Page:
Captivity in the EU - Hungary

After a long-running campaign, the ban in the trade of Black Sea dolphins resulted in the end of keeping dolphins in captivity in Hungary.

Even though captive dolphin displays fall under the jurisdiction of national zoo legislation in Hungary there’s no legislation providing specific standards for the keeping of dolphins in captivity in Hungary.

In 1992 five former military dolphins from the former Sovjet Union were flown to Hungary for public display. They were held in a swimming pool set up by a businessman looking to make money from dolphin shows. 

Very soon two of the dolphins died, two others were reported floating apathetically on the pool’s surface while the fifth animal continued to perform for crowds. Concerned witnesses contacted animal welfare activists to organize veterinarians to examine the animals. There was also a significant media response to the horrible conditions of the dolphins’ confinement. It was also revealed that these marine animals were being held in fresh water.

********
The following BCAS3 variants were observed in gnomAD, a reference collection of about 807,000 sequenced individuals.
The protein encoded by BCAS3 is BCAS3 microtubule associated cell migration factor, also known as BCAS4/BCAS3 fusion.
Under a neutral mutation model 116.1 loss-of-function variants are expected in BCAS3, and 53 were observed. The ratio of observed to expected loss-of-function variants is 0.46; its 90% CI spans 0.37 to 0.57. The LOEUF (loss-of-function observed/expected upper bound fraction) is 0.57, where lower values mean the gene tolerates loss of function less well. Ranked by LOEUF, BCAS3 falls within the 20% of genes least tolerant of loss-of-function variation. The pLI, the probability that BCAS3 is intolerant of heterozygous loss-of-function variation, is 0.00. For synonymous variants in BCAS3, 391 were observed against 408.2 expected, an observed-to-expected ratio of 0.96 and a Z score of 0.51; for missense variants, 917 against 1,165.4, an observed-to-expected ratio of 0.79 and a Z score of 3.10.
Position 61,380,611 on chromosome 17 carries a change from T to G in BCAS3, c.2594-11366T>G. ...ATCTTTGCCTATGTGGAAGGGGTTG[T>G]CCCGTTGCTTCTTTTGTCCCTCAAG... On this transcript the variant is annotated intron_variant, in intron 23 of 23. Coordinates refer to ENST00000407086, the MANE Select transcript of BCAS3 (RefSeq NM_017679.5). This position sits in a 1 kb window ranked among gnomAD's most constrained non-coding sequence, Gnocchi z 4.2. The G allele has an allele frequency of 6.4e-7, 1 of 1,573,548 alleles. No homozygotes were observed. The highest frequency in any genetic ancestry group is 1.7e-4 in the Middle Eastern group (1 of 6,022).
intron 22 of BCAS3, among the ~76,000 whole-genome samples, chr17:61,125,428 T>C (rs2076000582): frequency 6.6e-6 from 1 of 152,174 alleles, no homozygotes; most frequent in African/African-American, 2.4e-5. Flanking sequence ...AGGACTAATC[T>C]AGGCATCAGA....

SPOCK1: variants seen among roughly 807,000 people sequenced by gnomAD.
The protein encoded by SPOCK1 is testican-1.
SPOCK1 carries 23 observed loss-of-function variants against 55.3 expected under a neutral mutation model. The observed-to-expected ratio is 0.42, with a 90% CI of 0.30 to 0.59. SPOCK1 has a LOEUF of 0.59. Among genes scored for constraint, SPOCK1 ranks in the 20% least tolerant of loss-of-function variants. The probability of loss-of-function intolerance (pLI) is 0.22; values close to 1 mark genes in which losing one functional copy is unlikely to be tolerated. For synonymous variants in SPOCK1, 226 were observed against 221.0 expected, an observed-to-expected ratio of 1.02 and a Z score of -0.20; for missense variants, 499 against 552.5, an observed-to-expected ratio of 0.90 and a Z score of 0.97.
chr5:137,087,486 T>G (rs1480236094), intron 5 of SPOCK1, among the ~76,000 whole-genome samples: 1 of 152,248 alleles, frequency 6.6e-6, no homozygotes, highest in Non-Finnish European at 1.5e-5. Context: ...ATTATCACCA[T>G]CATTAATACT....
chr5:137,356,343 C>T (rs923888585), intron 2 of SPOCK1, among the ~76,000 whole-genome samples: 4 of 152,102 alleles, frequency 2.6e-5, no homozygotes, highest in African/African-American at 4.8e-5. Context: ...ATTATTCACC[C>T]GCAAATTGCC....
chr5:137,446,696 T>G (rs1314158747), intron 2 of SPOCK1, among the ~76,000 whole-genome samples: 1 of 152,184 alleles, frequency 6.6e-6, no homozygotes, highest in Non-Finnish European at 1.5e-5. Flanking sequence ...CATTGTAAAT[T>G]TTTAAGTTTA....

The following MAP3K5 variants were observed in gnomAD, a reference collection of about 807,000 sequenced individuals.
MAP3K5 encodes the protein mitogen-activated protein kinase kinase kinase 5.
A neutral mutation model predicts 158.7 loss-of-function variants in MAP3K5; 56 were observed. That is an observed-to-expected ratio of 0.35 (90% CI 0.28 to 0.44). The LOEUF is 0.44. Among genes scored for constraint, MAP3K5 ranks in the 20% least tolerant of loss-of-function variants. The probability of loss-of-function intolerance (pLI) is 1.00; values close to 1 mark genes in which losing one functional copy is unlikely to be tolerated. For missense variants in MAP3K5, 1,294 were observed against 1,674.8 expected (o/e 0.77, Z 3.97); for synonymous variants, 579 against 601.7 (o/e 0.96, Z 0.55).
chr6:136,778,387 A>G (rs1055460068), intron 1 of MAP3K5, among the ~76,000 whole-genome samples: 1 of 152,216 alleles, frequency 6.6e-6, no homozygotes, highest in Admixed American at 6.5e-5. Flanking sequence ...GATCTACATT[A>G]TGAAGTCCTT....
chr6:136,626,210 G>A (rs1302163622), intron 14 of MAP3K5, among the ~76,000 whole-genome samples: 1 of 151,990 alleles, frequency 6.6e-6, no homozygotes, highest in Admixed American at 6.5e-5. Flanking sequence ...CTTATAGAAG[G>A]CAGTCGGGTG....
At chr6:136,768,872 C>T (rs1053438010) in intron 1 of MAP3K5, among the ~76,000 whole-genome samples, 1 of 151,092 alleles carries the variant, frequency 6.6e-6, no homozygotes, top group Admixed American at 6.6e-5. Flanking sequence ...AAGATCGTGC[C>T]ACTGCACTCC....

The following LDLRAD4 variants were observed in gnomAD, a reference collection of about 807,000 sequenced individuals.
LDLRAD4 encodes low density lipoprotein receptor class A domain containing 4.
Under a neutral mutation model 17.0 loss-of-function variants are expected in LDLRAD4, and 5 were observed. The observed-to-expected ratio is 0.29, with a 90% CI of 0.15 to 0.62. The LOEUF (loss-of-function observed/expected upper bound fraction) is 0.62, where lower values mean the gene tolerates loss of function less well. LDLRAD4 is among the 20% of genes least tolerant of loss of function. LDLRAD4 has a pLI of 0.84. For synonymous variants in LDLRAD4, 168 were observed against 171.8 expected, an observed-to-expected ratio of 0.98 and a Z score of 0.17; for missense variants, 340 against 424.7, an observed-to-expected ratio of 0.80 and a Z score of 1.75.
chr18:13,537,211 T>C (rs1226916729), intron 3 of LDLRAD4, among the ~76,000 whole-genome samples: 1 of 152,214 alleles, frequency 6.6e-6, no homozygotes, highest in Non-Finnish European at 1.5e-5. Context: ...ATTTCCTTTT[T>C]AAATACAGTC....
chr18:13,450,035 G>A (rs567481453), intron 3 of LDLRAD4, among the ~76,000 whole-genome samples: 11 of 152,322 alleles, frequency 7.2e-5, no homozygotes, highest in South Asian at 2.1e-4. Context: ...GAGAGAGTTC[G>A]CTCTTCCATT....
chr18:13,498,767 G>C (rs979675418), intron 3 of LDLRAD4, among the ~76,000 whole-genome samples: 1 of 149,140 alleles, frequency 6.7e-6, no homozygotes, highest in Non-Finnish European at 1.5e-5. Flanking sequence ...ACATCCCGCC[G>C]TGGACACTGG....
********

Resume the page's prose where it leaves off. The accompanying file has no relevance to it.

The three surviving dolphins were confiscated soon after these revelations and, in spite of their ordeal, managed to recover and were returned to Ukraine, their country of origin. This tragedy was the starting point for a long-running campaign to bring about a ban on the trade in bottlenose dolphins from the Black Sea – which was finally achieved in 2002. 

Since then, there have been no more captive dolphins held in Hungary.